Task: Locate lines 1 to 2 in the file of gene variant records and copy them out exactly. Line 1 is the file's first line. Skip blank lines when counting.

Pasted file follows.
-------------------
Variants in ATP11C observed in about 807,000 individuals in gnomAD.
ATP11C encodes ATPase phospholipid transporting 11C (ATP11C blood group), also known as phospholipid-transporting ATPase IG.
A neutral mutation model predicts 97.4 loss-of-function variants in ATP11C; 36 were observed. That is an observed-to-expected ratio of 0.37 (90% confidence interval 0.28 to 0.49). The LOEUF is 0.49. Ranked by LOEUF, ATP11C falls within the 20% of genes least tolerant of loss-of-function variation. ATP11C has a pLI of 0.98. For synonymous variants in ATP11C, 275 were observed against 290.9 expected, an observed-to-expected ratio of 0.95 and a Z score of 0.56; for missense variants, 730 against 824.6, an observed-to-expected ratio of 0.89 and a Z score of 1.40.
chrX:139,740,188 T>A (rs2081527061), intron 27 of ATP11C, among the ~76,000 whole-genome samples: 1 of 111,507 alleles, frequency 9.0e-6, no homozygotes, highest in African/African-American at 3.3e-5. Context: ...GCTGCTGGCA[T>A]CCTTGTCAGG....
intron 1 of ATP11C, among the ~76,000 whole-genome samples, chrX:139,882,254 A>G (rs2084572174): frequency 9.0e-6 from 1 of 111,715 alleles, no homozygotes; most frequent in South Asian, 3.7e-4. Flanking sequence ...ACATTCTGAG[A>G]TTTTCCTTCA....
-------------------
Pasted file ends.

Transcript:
Variants in ATP11C observed in about 807,000 individuals in gnomAD.
ATP11C encodes ATPase phospholipid transporting 11C (ATP11C blood group), also known as phospholipid-transporting ATPase IG.